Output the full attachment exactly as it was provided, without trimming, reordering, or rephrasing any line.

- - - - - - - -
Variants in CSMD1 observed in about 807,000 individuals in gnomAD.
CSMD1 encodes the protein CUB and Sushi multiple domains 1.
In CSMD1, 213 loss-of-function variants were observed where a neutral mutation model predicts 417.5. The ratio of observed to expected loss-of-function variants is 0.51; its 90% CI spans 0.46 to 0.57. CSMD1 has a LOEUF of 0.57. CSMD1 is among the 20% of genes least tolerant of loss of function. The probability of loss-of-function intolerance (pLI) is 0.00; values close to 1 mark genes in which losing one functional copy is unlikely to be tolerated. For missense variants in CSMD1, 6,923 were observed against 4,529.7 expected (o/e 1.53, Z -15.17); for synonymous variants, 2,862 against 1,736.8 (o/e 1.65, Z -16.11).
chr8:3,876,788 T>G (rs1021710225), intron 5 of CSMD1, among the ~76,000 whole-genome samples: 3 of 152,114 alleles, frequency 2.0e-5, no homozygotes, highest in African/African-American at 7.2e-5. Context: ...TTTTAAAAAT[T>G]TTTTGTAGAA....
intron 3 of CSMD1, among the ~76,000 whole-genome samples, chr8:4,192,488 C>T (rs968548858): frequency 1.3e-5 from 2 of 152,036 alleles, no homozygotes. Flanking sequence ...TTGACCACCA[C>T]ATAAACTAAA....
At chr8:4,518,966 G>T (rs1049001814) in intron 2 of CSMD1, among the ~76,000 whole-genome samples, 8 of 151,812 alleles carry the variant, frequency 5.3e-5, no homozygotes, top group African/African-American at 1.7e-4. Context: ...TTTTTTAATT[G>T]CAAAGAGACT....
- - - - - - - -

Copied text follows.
Variants in CSMD1 observed in about 807,000 individuals in gnomAD.
CSMD1 encodes the protein CUB and Sushi multiple domains 1.
In CSMD1, 213 loss-of-function variants were observed where a neutral mutation model predicts 417.5. The ratio of observed to expected loss-of-function variants is 0.51; its 90% CI spans 0.46 to 0.57. CSMD1 has a LOEUF of 0.57. CSMD1 is among the 20% of genes least tolerant of loss of function. The probability of loss-of-function intolerance (pLI) is 0.00; values close to 1 mark genes in which losing one functional copy is unlikely to be tolerated. For missense variants in CSMD1, 6,923 were observed against 4,529.7 expected (o/e 1.53, Z -15.17); for synonymous variants, 2,862 against 1,736.8 (o/e 1.65, Z -16.11).
chr8:3,876,788 T>G (rs1021710225), intron 5 of CSMD1, among the ~76,000 whole-genome samples: 3 of 152,114 alleles, frequency 2.0e-5, no homozygotes, highest in African/African-American at 7.2e-5. Context: ...TTTTAAAAAT[T>G]TTTTGTAGAA....
intron 3 of CSMD1, among the ~76,000 whole-genome samples, chr8:4,192,488 C>T (rs968548858): frequency 1.3e-5 from 2 of 152,036 alleles, no homozygotes. Flanking sequence ...TTGACCACCA[C>T]ATAAACTAAA....
At chr8:4,518,966 G>T (rs1049001814) in intron 2 of CSMD1, among the ~76,000 whole-genome samples, 8 of 151,812 alleles carry the variant, frequency 5.3e-5, no homozygotes, top group African/African-American at 1.7e-4. Context: ...TTTTTTAATT[G>T]CAAAGAGACT....